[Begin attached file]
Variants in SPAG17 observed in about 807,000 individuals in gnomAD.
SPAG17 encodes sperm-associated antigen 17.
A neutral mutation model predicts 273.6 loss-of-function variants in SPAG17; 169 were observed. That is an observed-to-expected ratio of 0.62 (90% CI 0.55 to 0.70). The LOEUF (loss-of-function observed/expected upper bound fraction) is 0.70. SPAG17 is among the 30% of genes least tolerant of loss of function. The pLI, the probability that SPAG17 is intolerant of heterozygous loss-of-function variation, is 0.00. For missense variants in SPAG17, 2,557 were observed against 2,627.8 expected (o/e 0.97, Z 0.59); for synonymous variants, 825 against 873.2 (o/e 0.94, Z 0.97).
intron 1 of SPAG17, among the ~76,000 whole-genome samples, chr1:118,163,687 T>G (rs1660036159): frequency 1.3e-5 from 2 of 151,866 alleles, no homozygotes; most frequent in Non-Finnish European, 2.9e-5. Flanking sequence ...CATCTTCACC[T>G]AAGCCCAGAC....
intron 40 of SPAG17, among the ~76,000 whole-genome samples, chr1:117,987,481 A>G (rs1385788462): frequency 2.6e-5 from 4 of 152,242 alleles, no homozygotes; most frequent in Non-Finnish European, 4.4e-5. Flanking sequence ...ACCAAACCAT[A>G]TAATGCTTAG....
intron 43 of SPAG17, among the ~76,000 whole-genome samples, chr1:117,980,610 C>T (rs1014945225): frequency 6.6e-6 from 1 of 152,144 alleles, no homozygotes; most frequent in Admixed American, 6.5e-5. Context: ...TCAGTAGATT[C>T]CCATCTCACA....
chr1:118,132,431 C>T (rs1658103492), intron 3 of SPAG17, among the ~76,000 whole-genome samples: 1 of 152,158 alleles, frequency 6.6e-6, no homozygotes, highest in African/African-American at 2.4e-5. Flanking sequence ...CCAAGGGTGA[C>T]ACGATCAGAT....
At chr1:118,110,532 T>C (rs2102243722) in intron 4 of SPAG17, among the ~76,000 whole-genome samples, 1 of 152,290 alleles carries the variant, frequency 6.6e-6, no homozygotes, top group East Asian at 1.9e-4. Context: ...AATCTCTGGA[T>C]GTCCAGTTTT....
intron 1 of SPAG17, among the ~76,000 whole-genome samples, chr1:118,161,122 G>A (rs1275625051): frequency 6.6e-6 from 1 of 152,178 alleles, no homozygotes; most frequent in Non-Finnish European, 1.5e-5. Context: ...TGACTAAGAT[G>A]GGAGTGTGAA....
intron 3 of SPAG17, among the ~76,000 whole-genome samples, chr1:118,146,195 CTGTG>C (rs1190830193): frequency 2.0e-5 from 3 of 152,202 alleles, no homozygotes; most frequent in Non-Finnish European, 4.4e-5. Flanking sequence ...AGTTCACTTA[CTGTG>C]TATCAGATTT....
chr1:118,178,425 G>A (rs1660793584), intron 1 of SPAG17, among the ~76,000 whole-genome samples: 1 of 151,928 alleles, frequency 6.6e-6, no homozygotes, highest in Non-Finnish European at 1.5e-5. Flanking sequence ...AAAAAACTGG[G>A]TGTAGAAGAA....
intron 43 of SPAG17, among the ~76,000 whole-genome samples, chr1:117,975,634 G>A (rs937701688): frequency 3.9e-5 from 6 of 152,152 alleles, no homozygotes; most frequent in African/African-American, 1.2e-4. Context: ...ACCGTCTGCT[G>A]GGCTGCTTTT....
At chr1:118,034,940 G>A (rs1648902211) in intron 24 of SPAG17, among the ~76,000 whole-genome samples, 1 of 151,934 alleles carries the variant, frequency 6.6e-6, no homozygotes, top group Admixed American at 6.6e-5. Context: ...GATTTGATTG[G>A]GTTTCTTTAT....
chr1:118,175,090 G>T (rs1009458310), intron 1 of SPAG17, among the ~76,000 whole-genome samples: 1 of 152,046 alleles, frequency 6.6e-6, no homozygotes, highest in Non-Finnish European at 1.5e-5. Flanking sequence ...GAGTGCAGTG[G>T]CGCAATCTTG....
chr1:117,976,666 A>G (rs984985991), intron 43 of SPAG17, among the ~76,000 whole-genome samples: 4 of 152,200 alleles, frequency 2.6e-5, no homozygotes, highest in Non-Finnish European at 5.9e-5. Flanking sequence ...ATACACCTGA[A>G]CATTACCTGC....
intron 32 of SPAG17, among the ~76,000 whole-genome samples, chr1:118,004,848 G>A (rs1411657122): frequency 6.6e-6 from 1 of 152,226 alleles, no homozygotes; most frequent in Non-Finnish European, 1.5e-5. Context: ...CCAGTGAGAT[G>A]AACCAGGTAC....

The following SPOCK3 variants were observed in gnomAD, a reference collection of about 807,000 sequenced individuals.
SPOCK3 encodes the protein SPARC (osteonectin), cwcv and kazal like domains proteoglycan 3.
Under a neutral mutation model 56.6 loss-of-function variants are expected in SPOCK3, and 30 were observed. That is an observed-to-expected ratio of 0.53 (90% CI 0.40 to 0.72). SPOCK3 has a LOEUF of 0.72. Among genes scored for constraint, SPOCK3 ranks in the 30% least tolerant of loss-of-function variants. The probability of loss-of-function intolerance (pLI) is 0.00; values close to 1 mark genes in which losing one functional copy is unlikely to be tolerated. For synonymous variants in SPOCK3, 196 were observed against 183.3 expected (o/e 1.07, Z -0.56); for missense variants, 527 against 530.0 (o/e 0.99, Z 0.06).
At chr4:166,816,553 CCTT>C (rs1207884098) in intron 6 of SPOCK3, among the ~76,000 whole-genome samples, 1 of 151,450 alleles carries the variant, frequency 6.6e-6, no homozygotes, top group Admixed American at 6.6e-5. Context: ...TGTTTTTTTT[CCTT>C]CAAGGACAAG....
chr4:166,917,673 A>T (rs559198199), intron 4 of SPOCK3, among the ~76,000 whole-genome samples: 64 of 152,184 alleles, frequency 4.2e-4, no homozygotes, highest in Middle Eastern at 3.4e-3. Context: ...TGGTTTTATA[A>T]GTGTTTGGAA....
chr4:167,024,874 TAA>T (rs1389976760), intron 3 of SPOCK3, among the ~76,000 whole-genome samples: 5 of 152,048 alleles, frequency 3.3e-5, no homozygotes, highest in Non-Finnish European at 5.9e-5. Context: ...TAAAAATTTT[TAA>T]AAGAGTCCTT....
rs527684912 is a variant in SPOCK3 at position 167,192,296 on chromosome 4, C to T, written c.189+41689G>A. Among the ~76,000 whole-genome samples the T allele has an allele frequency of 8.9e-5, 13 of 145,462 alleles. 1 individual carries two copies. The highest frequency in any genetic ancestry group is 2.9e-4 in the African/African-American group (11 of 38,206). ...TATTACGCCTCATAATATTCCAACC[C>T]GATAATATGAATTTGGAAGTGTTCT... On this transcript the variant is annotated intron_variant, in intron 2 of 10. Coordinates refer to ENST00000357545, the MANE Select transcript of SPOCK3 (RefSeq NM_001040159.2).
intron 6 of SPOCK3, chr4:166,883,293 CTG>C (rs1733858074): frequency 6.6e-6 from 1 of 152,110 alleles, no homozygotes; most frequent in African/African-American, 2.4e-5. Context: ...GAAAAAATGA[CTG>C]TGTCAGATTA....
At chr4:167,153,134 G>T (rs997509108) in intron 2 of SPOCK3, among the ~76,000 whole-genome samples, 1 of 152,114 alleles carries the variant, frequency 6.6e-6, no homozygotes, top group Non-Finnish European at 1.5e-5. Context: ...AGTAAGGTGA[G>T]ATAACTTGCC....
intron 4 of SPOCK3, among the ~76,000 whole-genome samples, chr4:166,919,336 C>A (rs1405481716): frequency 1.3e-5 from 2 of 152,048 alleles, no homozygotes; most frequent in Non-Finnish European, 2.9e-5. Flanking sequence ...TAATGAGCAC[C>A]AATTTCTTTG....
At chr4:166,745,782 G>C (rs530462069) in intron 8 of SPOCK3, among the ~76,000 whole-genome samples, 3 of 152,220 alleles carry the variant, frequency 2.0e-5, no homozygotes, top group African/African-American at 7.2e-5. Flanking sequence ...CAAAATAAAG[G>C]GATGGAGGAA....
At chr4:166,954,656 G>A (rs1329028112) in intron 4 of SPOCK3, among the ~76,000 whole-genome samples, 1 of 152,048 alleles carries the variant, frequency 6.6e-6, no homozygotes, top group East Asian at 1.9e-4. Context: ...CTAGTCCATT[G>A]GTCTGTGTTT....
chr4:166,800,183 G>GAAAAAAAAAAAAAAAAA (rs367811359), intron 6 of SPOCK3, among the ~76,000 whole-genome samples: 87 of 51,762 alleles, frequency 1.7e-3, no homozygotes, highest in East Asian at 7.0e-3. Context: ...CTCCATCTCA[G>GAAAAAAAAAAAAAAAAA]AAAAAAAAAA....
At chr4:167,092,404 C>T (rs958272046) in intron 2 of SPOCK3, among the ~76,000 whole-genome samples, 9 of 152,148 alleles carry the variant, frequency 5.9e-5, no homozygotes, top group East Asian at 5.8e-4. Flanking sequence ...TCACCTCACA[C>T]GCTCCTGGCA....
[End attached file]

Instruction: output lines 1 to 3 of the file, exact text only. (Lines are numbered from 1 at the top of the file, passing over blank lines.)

Variants in SPAG17 observed in about 807,000 individuals in gnomAD.
SPAG17 encodes sperm-associated antigen 17.
A neutral mutation model predicts 273.6 loss-of-function variants in SPAG17; 169 were observed. That is an observed-to-expected ratio of 0.62 (90% CI 0.55 to 0.70). The LOEUF (loss-of-function observed/expected upper bound fraction) is 0.70. SPAG17 is among the 30% of genes least tolerant of loss of function. The pLI, the probability that SPAG17 is intolerant of heterozygous loss-of-function variation, is 0.00. For missense variants in SPAG17, 2,557 were observed against 2,627.8 expected (o/e 0.97, Z 0.59); for synonymous variants, 825 against 873.2 (o/e 0.94, Z 0.97).